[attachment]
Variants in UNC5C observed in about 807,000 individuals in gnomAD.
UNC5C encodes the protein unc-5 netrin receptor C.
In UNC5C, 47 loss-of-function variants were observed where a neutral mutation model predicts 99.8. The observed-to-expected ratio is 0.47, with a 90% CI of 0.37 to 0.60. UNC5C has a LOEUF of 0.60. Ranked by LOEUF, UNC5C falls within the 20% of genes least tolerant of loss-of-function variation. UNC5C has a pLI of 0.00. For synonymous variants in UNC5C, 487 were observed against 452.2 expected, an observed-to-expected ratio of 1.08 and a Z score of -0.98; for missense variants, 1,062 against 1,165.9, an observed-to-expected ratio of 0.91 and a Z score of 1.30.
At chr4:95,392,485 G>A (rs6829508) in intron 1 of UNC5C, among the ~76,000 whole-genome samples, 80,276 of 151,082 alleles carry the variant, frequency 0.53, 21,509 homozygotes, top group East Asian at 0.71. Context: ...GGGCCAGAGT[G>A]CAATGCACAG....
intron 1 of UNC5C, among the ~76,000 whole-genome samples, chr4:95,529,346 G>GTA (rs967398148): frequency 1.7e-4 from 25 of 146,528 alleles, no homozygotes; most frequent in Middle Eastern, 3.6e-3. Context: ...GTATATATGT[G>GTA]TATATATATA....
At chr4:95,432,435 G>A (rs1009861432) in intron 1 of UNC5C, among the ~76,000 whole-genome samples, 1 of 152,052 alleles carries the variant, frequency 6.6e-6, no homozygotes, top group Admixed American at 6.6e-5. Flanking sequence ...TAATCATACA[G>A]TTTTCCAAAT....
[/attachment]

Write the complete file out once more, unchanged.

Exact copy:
Variants in UNC5C observed in about 807,000 individuals in gnomAD.
UNC5C encodes the protein unc-5 netrin receptor C.
In UNC5C, 47 loss-of-function variants were observed where a neutral mutation model predicts 99.8. The observed-to-expected ratio is 0.47, with a 90% CI of 0.37 to 0.60. UNC5C has a LOEUF of 0.60. Ranked by LOEUF, UNC5C falls within the 20% of genes least tolerant of loss-of-function variation. UNC5C has a pLI of 0.00. For synonymous variants in UNC5C, 487 were observed against 452.2 expected, an observed-to-expected ratio of 1.08 and a Z score of -0.98; for missense variants, 1,062 against 1,165.9, an observed-to-expected ratio of 0.91 and a Z score of 1.30.
At chr4:95,392,485 G>A (rs6829508) in intron 1 of UNC5C, among the ~76,000 whole-genome samples, 80,276 of 151,082 alleles carry the variant, frequency 0.53, 21,509 homozygotes, top group East Asian at 0.71. Context: ...GGGCCAGAGT[G>A]CAATGCACAG....
intron 1 of UNC5C, among the ~76,000 whole-genome samples, chr4:95,529,346 G>GTA (rs967398148): frequency 1.7e-4 from 25 of 146,528 alleles, no homozygotes; most frequent in Middle Eastern, 3.6e-3. Context: ...GTATATATGT[G>GTA]TATATATATA....
At chr4:95,432,435 G>A (rs1009861432) in intron 1 of UNC5C, among the ~76,000 whole-genome samples, 1 of 152,052 alleles carries the variant, frequency 6.6e-6, no homozygotes, top group Admixed American at 6.6e-5. Flanking sequence ...TAATCATACA[G>A]TTTTCCAAAT....